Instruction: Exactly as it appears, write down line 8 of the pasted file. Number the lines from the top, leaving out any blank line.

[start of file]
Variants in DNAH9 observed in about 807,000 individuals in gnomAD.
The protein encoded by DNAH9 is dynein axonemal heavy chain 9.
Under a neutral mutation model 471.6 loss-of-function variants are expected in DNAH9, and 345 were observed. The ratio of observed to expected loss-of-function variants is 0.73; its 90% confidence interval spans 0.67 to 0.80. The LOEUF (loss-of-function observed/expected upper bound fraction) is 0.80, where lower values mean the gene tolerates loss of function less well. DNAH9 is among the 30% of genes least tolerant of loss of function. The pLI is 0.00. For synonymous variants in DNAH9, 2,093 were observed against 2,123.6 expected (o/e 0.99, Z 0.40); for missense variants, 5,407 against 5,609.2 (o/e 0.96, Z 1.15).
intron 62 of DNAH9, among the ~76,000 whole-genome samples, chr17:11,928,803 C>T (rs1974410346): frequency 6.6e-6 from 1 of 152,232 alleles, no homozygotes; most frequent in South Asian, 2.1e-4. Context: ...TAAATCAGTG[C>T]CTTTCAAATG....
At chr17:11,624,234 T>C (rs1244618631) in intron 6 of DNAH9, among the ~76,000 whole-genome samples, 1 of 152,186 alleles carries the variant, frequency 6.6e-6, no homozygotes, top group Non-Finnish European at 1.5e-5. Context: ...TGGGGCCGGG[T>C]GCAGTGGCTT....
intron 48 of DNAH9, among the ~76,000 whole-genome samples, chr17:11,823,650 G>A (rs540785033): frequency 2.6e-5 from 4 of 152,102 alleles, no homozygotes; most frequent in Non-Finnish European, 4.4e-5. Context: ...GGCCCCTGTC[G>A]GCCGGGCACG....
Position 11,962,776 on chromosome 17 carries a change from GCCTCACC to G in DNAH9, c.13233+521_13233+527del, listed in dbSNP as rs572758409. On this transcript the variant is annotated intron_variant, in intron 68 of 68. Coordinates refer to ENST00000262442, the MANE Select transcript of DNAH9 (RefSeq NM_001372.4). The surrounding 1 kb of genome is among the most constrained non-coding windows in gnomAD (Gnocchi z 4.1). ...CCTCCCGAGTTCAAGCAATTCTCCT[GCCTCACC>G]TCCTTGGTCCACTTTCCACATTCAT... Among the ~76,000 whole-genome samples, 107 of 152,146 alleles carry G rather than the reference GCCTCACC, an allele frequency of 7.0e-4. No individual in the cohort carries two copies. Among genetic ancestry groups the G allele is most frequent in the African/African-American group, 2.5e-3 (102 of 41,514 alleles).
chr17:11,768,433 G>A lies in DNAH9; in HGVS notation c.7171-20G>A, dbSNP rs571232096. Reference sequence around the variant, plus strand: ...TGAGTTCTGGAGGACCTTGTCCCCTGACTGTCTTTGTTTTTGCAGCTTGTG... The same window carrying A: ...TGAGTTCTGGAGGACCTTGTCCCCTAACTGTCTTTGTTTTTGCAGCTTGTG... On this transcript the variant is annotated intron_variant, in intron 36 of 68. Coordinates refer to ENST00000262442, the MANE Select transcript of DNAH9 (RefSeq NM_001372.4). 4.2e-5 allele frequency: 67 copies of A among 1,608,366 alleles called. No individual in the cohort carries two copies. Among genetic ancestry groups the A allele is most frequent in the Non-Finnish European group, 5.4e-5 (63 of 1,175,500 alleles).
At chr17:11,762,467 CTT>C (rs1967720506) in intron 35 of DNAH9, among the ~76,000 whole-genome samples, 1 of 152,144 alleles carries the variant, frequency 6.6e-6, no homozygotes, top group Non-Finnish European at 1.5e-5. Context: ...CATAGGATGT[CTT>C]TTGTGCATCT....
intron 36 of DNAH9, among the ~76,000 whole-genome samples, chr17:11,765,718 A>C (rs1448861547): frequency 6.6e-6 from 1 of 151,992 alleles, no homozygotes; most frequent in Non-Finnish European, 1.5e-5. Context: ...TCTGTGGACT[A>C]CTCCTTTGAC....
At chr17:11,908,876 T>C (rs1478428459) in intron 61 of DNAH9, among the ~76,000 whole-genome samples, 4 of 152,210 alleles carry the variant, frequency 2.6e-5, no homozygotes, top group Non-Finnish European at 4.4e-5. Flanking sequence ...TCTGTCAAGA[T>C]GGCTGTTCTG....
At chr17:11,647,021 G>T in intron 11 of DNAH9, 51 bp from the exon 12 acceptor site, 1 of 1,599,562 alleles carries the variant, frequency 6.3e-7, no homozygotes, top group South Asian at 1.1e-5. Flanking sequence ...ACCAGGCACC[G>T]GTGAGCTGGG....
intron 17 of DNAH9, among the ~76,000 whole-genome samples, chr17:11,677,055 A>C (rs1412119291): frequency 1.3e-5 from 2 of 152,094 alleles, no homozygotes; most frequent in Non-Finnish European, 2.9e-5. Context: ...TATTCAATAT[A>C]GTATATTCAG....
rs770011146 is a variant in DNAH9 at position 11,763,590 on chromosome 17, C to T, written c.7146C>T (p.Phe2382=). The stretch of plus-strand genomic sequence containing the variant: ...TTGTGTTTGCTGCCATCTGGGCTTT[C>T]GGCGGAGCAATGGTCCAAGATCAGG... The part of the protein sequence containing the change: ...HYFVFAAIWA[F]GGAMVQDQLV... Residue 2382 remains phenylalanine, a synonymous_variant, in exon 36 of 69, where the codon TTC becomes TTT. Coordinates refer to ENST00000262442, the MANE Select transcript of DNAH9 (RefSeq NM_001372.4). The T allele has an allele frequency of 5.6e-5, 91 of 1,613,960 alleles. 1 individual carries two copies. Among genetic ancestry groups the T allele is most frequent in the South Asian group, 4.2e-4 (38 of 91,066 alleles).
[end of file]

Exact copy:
chr17:11,768,433 G>A lies in DNAH9; in HGVS notation c.7171-20G>A, dbSNP rs571232096. Reference sequence around the variant, plus strand: ...TGAGTTCTGGAGGACCTTGTCCCCTGACTGTCTTTGTTTTTGCAGCTTGTG... The same window carrying A: ...TGAGTTCTGGAGGACCTTGTCCCCTAACTGTCTTTGTTTTTGCAGCTTGTG... On this transcript the variant is annotated intron_variant, in intron 36 of 68. Coordinates refer to ENST00000262442, the MANE Select transcript of DNAH9 (RefSeq NM_001372.4). 4.2e-5 allele frequency: 67 copies of A among 1,608,366 alleles called. No individual in the cohort carries two copies. Among genetic ancestry groups the A allele is most frequent in the Non-Finnish European group, 5.4e-5 (63 of 1,175,500 alleles).